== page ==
Mental Illness Awareness Week


Senator Statement Senator Jane Cordy October 7th, 2014

Hon. Jane Cordy: Honourable senators, I was privileged to attend the kickoff breakfast of Mental Illness Awareness Week this morning. This week is set aside each year to raise awareness and decrease stigmas of mental illness. At the breakfast, those who were nominated by the Canadian Alliance of Mental Illness and Mental Health, also known as CAMIMH, to be this year's "Faces of Mental Illness" shared their stories. Their stories are diverse and unique and highlight that mental illness certainly does indeed have many faces.

Honourable senators, I would like to share their stories and perhaps it will give a better sense of the challenges faced by those with mental illness, and also the courage and determination that these individuals have shown.

Aidan Scott is a survivor of childhood abuse. He has been diagnosed with anorexia, post-traumatic stress disorder and dissociative identity disorder. Aidan has made it his mission to reduce stigma and expand accessibility to professional care. He has launched Speak Box, a first of its kind company developing digital mental health treatment services paired with inclusion of peer support programs.

Jack Saddleback is a Cree two-spirit transgender man. As a child, Jack struggled with constant bullying, which resulted in severe depression and a suicide attempt at the age of 15. Jack is now a member of the Mental Health Commission of Canada's Youth Council. He helped create Safe Space, which creates gender-neutral First Nations sweat and pipe ceremonies.

Kathleen Dugas works at the Institute universitaire en santé mentale de Montréal. She was diagnosed as Type II bipolar in 2011. Prior to receiving a diagnosis, she had been living with the illness without help or medication for 25 years. Kathleen is a fighter and refuses to be crushed by the label of "mental illness." Lindsay Hill was a successful Bay Street litigator when suddenly struck with severe mental illness. She has been instrumental in developing the Crisis Link program with the Toronto Transit Commission Distress Centres and Bell Canada. She has recently joined the board of the distress centres and regularly speaks about her experiences with mental illness.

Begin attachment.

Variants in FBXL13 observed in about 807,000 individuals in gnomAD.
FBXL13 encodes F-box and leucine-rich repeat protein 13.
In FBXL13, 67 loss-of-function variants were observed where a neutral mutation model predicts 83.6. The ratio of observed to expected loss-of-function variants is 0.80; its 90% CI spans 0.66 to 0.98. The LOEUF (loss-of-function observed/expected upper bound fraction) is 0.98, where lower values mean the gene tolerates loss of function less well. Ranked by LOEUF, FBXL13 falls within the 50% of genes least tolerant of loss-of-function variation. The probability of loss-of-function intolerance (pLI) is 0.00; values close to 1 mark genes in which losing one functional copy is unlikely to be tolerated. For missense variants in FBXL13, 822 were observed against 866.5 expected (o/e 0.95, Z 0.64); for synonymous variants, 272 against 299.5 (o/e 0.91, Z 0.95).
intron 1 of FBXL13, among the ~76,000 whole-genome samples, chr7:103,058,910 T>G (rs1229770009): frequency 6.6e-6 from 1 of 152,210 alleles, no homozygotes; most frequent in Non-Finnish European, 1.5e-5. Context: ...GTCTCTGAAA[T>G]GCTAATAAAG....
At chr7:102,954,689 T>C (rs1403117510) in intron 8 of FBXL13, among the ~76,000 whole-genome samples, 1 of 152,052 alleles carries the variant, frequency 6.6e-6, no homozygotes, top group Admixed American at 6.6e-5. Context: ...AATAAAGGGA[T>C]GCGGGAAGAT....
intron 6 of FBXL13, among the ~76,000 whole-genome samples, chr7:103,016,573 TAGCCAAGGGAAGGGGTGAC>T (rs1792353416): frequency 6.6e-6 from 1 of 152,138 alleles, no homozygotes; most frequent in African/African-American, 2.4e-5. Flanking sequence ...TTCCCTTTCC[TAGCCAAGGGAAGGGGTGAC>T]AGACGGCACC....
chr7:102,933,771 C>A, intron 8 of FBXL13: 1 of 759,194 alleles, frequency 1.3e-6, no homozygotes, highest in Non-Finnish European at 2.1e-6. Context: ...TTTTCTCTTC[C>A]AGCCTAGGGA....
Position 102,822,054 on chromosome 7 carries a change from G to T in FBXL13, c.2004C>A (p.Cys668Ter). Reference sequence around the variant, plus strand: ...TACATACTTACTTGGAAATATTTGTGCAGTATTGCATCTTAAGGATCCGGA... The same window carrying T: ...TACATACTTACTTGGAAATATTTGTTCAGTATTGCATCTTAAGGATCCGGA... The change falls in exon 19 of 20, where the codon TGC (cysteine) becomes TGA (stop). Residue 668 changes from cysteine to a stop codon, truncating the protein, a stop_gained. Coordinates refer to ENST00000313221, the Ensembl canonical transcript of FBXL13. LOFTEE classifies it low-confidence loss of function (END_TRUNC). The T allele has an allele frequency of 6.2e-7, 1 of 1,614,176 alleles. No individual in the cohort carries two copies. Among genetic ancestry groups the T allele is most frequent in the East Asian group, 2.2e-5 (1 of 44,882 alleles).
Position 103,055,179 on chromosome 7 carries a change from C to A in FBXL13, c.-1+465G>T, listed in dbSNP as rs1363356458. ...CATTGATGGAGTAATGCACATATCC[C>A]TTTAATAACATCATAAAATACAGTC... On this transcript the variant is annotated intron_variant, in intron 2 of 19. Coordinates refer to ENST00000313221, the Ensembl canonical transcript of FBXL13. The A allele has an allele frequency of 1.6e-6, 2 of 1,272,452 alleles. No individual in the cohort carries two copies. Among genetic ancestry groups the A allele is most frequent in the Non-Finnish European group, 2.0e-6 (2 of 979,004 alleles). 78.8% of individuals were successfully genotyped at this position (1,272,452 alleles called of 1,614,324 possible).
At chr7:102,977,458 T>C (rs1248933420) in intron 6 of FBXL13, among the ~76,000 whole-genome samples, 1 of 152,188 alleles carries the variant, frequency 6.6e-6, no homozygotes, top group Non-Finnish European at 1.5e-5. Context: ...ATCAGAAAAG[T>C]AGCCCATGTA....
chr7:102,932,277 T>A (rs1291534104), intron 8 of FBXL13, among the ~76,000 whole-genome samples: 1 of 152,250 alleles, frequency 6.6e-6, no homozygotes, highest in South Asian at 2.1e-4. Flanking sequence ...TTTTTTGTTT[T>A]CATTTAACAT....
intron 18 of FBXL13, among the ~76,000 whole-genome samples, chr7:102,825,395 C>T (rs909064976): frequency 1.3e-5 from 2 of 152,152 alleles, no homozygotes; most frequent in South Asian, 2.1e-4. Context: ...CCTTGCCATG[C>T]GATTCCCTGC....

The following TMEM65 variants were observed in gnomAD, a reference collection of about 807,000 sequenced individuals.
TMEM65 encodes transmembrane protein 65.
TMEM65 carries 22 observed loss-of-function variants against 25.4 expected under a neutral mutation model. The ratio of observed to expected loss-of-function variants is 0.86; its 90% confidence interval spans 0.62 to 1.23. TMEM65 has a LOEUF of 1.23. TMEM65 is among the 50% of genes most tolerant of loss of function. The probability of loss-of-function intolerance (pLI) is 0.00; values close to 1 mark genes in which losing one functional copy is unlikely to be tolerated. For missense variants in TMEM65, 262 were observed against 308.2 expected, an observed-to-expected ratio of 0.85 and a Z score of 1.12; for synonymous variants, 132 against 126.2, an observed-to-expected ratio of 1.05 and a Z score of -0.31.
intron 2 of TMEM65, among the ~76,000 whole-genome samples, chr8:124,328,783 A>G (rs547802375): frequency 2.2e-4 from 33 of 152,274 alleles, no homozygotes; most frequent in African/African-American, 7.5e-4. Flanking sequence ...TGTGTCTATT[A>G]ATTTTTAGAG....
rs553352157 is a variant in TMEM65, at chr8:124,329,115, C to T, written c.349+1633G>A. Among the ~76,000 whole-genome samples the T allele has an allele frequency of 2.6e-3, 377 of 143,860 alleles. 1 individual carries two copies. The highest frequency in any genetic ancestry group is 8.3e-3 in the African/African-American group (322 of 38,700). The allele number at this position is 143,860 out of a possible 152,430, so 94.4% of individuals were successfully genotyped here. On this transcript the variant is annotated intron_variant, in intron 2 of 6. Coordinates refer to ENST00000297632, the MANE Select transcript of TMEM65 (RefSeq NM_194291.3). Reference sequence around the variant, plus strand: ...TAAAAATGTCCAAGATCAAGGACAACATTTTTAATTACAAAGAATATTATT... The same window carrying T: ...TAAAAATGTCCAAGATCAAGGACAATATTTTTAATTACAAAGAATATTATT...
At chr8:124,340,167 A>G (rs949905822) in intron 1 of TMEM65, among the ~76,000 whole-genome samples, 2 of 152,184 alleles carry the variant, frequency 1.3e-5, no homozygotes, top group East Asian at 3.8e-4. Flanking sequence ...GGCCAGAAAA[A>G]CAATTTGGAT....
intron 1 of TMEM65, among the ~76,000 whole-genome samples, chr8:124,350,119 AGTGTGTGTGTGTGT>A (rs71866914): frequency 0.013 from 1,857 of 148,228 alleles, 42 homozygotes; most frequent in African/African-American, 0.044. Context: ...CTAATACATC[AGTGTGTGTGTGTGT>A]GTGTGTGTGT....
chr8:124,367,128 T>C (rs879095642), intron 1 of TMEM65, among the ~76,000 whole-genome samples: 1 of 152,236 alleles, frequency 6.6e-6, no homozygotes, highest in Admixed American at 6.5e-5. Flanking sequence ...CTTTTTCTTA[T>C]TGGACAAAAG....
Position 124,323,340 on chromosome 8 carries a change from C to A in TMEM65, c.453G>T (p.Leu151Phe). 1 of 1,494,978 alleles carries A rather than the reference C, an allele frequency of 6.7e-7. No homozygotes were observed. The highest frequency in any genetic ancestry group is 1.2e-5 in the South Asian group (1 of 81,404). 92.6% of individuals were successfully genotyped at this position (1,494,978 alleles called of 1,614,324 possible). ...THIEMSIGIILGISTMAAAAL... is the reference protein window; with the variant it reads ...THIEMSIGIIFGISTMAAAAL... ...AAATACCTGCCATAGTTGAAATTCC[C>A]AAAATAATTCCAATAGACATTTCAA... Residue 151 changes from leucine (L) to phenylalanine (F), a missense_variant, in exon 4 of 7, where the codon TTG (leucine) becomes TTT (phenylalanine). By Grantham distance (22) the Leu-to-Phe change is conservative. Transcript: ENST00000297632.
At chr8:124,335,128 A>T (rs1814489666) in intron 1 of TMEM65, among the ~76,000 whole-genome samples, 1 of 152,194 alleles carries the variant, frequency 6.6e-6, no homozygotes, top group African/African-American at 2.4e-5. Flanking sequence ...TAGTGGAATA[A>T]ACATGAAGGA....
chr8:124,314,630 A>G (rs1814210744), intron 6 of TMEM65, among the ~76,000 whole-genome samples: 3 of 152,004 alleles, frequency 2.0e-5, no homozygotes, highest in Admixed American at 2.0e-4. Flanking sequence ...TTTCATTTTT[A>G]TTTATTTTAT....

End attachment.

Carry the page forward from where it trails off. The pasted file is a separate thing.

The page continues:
Mark Henick has suffered from depression, anxiety and bullying, which led to a suicide attempt as a teen. After being discouraged from speaking with his peers about his experiences, Mark instead turned to writing about his experiences in the local newspaper. This led to many people sharing their own stories. Mark is now a mental health counsellor and has served as the youngest board president of the Canadian Mental Health Association. He also delivered a wildly successful TEDxToronto talk on his experience with suicide.

Honourable senators, we have made great strides in the field of mental health and mental illness since our Senate report on mental health, mental illness and addictions, Out of the Shadows at Last. Let's all continue to be advocates for continued investment in the Mental Health Commission, which is doing great work. Their mandate should certainly be extended as the commission acts as a catalyst for change and improvement.

Honourable senators, I wish to express my heartfelt appreciation to this year's "Faces of Mental Illness." The courage to share their stories with Canadians is creating positive change in Canada.